Existing contentInventory photo

If you’re migrating from a learning management system to a new system, you likely have existing content you’ll be importing into your new LMS. Just as it’s a good idea to do a major purge of stuff you don’t need before moving into a new home, a content inventory can be a useful way to get a global view of your content. Such an inventory will likely uncover content that may be out-of-date and in need of updating or no longer relevant. Uncovering stale content in an inventory review will save you valuable time later on since you’ll have that much less content to import into your new LMS.

New content

If this is your first LMS, you may not yet have content. You should nevertheless map out what you plan to provide your learners. Your content inventory document will act as a content road map.

Your content inventory is best created using a spreadsheet or some type of database application. The beauty of using such tools is that you’ll easily be able to sort the data by various columns, making it a breeze to see all content types or topics grouped together.

If you have a way to share this document with other stakeholders so that many people can contribute simultaneously, the time required to complete the audit will be reduced significantly.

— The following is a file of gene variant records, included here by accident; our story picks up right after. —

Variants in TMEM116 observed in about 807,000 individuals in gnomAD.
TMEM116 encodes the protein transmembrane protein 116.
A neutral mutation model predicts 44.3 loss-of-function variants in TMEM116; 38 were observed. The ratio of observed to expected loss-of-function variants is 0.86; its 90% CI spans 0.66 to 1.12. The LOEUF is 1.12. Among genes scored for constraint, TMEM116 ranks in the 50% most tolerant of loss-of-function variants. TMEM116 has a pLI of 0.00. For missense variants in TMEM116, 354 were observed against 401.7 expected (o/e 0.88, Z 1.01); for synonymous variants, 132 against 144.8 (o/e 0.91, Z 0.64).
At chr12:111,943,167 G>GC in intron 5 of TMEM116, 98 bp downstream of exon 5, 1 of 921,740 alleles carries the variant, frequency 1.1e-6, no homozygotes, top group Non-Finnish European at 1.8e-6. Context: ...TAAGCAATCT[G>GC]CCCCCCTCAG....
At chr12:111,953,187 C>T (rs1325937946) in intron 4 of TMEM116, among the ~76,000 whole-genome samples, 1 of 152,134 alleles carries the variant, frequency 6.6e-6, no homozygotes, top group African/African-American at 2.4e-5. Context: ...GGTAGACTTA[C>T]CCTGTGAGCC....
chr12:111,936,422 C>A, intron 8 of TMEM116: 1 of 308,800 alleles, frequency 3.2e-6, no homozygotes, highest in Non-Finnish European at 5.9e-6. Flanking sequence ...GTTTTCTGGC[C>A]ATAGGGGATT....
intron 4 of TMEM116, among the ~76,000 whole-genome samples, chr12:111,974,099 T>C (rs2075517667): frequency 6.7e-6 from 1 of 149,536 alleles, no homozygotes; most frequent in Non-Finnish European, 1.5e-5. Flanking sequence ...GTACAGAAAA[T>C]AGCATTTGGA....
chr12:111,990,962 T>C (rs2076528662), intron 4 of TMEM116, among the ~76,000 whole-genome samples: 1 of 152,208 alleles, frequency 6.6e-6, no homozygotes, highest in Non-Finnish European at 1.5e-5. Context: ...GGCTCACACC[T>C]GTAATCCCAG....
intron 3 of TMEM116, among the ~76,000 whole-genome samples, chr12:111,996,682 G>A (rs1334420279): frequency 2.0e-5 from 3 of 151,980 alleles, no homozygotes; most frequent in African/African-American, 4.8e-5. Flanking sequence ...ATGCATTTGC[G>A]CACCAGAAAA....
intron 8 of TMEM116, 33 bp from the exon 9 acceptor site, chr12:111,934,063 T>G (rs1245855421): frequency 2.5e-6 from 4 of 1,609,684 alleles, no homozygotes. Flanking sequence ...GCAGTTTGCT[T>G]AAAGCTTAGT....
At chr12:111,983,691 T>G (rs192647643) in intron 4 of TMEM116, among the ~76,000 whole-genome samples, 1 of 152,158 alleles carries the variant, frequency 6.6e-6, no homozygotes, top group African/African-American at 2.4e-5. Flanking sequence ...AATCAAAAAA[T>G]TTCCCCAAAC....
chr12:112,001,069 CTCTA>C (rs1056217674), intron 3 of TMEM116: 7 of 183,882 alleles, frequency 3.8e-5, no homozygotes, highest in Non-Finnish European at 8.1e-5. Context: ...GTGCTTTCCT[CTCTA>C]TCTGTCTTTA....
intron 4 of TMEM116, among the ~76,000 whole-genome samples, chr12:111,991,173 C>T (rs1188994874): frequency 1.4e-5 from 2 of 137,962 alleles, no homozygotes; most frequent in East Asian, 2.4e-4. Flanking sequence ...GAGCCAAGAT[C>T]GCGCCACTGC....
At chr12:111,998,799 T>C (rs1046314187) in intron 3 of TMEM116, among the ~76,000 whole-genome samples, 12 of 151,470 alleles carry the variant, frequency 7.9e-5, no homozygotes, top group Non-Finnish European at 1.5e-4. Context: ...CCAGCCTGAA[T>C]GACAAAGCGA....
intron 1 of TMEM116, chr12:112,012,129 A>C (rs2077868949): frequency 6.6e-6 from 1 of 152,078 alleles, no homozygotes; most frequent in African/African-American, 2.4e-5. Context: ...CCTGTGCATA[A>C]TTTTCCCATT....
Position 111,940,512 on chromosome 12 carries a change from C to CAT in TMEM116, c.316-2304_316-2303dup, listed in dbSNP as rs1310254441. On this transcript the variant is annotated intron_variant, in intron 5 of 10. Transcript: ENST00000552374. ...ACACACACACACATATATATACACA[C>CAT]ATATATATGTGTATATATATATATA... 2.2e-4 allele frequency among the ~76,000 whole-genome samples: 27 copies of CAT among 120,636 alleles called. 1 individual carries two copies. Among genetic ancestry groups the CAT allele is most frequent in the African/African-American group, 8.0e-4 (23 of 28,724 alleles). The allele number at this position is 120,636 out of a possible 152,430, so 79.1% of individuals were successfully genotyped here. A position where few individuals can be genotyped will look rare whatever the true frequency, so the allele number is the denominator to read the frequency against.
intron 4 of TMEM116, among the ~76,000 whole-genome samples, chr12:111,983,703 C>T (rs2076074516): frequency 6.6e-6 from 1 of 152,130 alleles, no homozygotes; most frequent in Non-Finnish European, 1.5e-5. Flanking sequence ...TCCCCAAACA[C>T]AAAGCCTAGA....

Here’s a potential structure that might make sense for a unilingual learning initiative. (Multilingual implementations should, of course, have a column added to specify language.)

This inventory document isn’t only for planning the launch of your LMS. Rather, it should be maintained and continually updated as your learning initiatives evolve.

(Again, I know you’re dying to start clicking on things in your new LMS. Please hang in there. It won’t be much longer.)

A Step-by-Step Guide to Setting Up Your Learning Management System (Part 1)

March 9, 2012 9 comments

A new learning management system (LMS) is like a blank canvas. You can proceed with setting the system up two ways:

  • In the style of abstract expressionists such as Jackson Pollock, you can start importing learner records and adding content in an impetuous yet passionate way; or
  • You can, like Michelangelo preparing to create a fresco, deliberately plan and organize your data

The Jackson Pollock approach feels great! The sense of power that comes from logging into a new application and clicking buttons wildly is exhilarating. This euphoria may, however, be short-lived; replaced—hangover-like—with a nagging sense of “what was I thinking?!”

The Michelangelo approach, though far less exciting at first, can create a structure that is easily maintained, and immediately understood, by any future administrators. When it comes to enterprise software that will be used by many people, order trumps chaos.

So how do we set up a new learning management system? Let’s start planning!

STEP 1: Consider the Learners

All learning initiatives should focus first and foremost on the learners. Before doing anything in your learning management system, it’s good planning to identify who those learners are today, and who they might be in the future.